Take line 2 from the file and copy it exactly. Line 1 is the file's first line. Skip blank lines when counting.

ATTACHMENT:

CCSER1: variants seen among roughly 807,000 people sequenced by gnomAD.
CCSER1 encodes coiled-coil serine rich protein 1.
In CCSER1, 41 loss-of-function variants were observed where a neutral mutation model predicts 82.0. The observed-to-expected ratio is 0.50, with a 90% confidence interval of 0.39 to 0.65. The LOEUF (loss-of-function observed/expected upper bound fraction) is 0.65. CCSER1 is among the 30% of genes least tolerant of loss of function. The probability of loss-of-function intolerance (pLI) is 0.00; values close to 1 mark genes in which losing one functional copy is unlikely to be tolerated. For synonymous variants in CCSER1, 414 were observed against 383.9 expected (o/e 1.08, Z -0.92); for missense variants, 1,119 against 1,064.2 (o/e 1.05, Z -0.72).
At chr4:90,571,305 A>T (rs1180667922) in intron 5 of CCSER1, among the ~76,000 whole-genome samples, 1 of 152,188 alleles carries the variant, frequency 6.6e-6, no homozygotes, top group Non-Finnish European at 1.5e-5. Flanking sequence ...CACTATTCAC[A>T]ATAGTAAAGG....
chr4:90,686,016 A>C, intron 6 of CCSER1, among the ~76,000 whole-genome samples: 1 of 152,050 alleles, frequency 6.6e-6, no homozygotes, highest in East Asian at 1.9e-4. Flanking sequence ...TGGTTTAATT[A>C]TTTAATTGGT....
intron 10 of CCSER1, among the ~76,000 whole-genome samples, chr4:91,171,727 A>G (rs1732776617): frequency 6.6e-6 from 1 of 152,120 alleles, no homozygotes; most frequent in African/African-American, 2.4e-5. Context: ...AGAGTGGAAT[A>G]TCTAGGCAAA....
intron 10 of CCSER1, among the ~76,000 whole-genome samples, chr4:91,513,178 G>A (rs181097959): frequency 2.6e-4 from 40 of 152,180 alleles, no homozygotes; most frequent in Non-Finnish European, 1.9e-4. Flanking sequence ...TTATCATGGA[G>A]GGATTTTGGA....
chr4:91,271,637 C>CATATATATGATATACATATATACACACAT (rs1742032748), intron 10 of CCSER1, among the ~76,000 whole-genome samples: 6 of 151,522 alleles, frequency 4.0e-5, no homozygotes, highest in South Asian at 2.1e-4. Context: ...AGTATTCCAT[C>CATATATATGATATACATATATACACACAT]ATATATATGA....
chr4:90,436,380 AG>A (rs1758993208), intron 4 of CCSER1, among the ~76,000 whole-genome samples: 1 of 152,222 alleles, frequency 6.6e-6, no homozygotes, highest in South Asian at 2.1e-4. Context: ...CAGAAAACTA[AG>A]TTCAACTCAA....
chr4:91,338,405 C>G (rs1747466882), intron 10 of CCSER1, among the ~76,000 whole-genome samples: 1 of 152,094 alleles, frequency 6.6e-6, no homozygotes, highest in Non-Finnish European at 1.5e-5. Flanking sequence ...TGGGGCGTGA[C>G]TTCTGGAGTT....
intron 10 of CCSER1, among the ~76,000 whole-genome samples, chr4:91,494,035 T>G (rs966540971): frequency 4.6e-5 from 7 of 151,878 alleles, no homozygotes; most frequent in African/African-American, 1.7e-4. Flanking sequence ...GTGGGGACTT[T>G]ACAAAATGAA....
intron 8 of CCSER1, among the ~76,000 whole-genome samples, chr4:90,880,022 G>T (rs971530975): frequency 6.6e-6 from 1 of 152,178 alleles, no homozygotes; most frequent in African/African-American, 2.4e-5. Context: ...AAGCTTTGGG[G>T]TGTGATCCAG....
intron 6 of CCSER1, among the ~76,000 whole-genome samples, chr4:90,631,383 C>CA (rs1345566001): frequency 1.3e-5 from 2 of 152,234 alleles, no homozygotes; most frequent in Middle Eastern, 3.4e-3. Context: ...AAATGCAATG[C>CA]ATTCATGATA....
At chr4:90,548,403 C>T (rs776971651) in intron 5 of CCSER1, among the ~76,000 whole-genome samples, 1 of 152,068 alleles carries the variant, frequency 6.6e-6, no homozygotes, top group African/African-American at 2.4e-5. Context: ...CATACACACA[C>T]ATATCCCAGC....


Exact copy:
CCSER1 encodes coiled-coil serine rich protein 1.